Watches and Pacing on the ACT and SAT

Proper pacing is an important factor for success on any timed exam. Students preparing for the ACT or SAT need to know how fast (or slow) they should work each section of the test.

Monitor your pace throughout each section.

The best way to monitor pace on the ACT / SAT is by passage. For example, the ACT English (section 1) is 45 minutes long with 75 questions. You could think of pacing in terms of minutes per question, but it is hard to keep track of your progress by just knowing you should complete a question every .6 minutes (or 1.66 questions per minute.)

Instead of trying to time each question, you should look at the English section as a collection of 5 passages, each with 15 questions. 45 minutes divided by 5 passages means you have 9 minutes per passage. You can work the first set of 15 questions and when you finish, check your watch. Are you close to 9 minutes? If so, great; keep working. If you have been working too quickly, take a deep breath and proceed to the next passage with a plan to slow down. If you took too long, you know to speed up, but you still have four passages to go, giving you a fair opportunity to make up the time and still finish.

Per passage pacing works on all sections of the ACT and SAT except for math which is not divided into passages.

Here is a pacing guide with times per passage for all non-math test sections:


Section Total Time for This Section Number of Passages Number of Questions per Passage TIME PER PASSAGE

(to finish all)

English 45 min. 5 15 9 min.


Reading 35 min. 4 10 8.5 min.


Science 35 min. 6 Varies

(usually 6-7)


5-6 min.
Reading 65 min. 5 10-11 13 min.


Writing 35 min. 4 11 8.5 min.



Knowing your pace per section is fundamental, but only part of the challenge. In order to work at the right speed, you also need to monitor your progress during the test. This is where having a watch or timer is essential.

Do not rely on your proctor for time.

Here is what the ACT says:

Bring a watch to pace yourself, but do not bring a watch with an alarm. If your alarm sounds during testing, you’ll be dismissed and your answers will not be scored. No watch? No problem. The supervisor in standard time rooms will announce when you have five minutes remaining on each test.

“No watch? No problem.” This is terrible advice! You need to keep track of time throughout each section and not wait for the last five minutes hoping the supervisor provides an accurate warning. You should monitor your own pacing.

Yes, the test center should have a clock in the room. But this isn’t enough to properly track your progress.

In the middle of a stressful and taxing exam, you don’t have time to do a lot of mental math. “We started Section 1 at 8:17 and I’ve finished the third passage at 8:42. Am I on pace for this section?” You also don’t want to chance sitting in a testing room where the clock is located on the back wall requiring you to turn around to check the time. Or in a classroom with a broken clock…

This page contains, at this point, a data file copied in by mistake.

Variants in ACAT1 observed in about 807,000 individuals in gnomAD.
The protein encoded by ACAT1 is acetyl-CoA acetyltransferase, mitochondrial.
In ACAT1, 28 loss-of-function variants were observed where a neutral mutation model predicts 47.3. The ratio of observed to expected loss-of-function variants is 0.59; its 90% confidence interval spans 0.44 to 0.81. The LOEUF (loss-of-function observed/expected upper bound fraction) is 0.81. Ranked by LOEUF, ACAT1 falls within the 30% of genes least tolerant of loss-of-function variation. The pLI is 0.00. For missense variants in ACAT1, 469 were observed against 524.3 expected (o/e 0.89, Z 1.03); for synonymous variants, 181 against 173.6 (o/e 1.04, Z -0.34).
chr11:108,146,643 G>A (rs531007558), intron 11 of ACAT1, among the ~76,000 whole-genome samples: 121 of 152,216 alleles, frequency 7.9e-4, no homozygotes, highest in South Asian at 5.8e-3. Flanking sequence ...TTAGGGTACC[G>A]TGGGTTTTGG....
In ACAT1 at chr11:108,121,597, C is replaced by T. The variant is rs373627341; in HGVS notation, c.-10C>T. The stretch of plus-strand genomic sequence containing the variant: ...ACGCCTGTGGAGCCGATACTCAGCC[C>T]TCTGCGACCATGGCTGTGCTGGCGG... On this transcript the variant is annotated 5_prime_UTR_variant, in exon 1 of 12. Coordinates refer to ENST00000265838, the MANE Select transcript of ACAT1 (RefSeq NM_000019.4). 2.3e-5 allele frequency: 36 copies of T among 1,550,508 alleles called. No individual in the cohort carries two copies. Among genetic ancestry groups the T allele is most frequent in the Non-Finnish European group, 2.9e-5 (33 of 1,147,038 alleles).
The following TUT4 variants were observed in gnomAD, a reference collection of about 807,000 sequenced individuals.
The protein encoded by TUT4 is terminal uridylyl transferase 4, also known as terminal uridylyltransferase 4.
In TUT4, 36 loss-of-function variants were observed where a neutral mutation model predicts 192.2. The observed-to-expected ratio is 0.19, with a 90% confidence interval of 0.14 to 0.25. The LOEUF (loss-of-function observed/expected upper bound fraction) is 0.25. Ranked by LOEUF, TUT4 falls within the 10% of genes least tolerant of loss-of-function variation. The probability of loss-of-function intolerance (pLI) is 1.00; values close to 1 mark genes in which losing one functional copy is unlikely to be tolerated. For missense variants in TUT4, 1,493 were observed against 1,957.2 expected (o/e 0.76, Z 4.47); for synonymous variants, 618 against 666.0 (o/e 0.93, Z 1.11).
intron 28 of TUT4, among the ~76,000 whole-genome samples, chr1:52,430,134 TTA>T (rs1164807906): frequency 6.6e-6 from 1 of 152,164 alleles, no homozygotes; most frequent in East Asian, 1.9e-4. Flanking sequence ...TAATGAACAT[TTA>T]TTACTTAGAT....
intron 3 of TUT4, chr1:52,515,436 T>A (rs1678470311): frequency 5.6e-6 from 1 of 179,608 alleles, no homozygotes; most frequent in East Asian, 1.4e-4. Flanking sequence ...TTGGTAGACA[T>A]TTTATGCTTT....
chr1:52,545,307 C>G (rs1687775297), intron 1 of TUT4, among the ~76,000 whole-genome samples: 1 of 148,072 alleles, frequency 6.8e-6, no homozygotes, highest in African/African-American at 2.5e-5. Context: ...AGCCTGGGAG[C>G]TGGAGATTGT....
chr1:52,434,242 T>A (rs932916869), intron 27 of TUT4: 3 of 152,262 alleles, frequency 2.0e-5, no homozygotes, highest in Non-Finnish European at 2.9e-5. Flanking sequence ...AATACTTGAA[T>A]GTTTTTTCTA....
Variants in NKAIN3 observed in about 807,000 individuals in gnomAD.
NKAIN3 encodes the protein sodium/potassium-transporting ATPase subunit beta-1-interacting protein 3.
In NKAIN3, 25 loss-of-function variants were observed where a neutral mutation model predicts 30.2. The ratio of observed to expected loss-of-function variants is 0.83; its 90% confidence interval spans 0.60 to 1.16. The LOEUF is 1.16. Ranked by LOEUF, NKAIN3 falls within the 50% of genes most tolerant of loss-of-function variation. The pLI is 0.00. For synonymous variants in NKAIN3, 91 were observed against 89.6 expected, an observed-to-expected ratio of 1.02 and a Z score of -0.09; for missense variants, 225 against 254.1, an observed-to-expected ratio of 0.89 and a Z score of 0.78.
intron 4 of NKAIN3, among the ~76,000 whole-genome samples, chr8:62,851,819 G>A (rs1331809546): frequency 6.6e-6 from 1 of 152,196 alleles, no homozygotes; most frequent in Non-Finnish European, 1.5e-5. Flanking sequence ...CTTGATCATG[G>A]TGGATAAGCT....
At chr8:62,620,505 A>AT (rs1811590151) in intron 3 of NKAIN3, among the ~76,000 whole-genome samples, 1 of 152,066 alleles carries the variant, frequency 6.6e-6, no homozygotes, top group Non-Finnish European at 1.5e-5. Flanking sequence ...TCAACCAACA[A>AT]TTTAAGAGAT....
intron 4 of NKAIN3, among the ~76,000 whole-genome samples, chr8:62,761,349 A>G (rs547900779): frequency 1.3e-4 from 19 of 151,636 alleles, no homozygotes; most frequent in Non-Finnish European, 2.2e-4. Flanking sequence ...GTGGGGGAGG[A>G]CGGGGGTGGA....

Bring your own watch!

Ideally, every test taker would have his or her own timepiece. Of course some watches are better than others for this purpose. Here are my top choices, in order:

1. Stopwatch

The easiest way to monitor time is with a stopwatch. Many digital watches now come with this feature. Unfortunately, unless you purchase a high-end model, your watch probably beeps every time you push “start/stop” or “clear.” Watches are allowed, but they must be silent.

It is easy to make your watch stop beeping. All you need is a small screwdriver and some paper or tape. Here’s how:


Last fall I went to the local sporting goods store and bought a digital watch with a stopwatch feature for my daughter to take her SAT. We spent less than $15 on the watch and modified it according to the video above. I’ve found plenty of inexpensive watches on Amazon that have the stopwatch option. It is worth $5-$15 and a little time to have a reliable stopwatch for use on the ACT or SAT.

2. Analog watch (“Mickey’s Hands” watch)

If you don’t have a watch with the stopwatch feature, the next best option is the traditional analog watch. I tell my students to think of this as a “Mickey’s Hands” watch or a watch that has a face very similar to the traditional clock found in most classrooms.

You might think this type of watch would make it hard to time passages, but there is a trick. At the beginning of each section, reset the watch to 12:00. Now the minute hand will tell you how long you have been working. During the exam, you don’t need to know what hour it is, so you can focus on the minute hand to time each section.

3. Digital watch [NOT recommended]

While it is very easy to read the time on a digital watch, it is not easy to determine time elapsed for the purpose of pacing. If your digital watch doesn’t have a stopwatch feature, I’d recommend you use an analog watch or get a stopwatch for use on the day of the test.

Prohibited Devices

To minimize opportunities for cheating, the ACT and College Board (SAT) prohibit electronic devices that could aid students in transmitting answers or recording audio or video. This means all smart watches are prohibited. In general, testing centers will err on the side of caution, so to avoid possible issues, make sure the watch you bring on test day is only a watch. Do not bring a “watch” that could receive texts, record data, or connect to other devices via Bluetooth such as an Apple Watch or FitBit.

Here are the policies you should follow:





Know the pace you need to keep for each section and bring your own watch, so you can monitor your progress on the ACT or SAT.

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